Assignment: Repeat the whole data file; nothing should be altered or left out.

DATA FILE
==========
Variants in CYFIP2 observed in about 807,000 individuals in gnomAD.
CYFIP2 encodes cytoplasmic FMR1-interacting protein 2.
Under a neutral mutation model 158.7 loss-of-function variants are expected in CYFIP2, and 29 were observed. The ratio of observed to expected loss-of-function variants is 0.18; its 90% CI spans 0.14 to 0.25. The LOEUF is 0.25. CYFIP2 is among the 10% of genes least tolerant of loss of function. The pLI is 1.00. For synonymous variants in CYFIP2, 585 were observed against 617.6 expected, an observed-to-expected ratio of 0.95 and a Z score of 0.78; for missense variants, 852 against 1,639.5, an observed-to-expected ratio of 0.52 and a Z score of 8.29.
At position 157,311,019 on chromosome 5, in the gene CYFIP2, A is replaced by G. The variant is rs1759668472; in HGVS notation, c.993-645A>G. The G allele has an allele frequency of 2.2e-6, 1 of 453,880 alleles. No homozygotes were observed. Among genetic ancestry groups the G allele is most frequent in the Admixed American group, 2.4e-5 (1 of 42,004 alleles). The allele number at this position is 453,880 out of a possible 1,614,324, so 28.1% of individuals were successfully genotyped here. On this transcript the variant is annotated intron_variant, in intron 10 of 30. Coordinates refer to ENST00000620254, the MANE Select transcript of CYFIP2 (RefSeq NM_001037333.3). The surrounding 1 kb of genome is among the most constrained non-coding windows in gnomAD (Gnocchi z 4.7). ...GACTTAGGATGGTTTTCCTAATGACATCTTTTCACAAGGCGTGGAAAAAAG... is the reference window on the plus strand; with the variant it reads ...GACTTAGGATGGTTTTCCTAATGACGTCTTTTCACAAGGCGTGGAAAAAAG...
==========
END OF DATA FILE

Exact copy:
Variants in CYFIP2 observed in about 807,000 individuals in gnomAD.
CYFIP2 encodes cytoplasmic FMR1-interacting protein 2.
Under a neutral mutation model 158.7 loss-of-function variants are expected in CYFIP2, and 29 were observed. The ratio of observed to expected loss-of-function variants is 0.18; its 90% CI spans 0.14 to 0.25. The LOEUF is 0.25. CYFIP2 is among the 10% of genes least tolerant of loss of function. The pLI is 1.00. For synonymous variants in CYFIP2, 585 were observed against 617.6 expected, an observed-to-expected ratio of 0.95 and a Z score of 0.78; for missense variants, 852 against 1,639.5, an observed-to-expected ratio of 0.52 and a Z score of 8.29.
At position 157,311,019 on chromosome 5, in the gene CYFIP2, A is replaced by G. The variant is rs1759668472; in HGVS notation, c.993-645A>G. The G allele has an allele frequency of 2.2e-6, 1 of 453,880 alleles. No homozygotes were observed. Among genetic ancestry groups the G allele is most frequent in the Admixed American group, 2.4e-5 (1 of 42,004 alleles). The allele number at this position is 453,880 out of a possible 1,614,324, so 28.1% of individuals were successfully genotyped here. On this transcript the variant is annotated intron_variant, in intron 10 of 30. Coordinates refer to ENST00000620254, the MANE Select transcript of CYFIP2 (RefSeq NM_001037333.3). The surrounding 1 kb of genome is among the most constrained non-coding windows in gnomAD (Gnocchi z 4.7). ...GACTTAGGATGGTTTTCCTAATGACATCTTTTCACAAGGCGTGGAAAAAAG... is the reference window on the plus strand; with the variant it reads ...GACTTAGGATGGTTTTCCTAATGACGTCTTTTCACAAGGCGTGGAAAAAAG...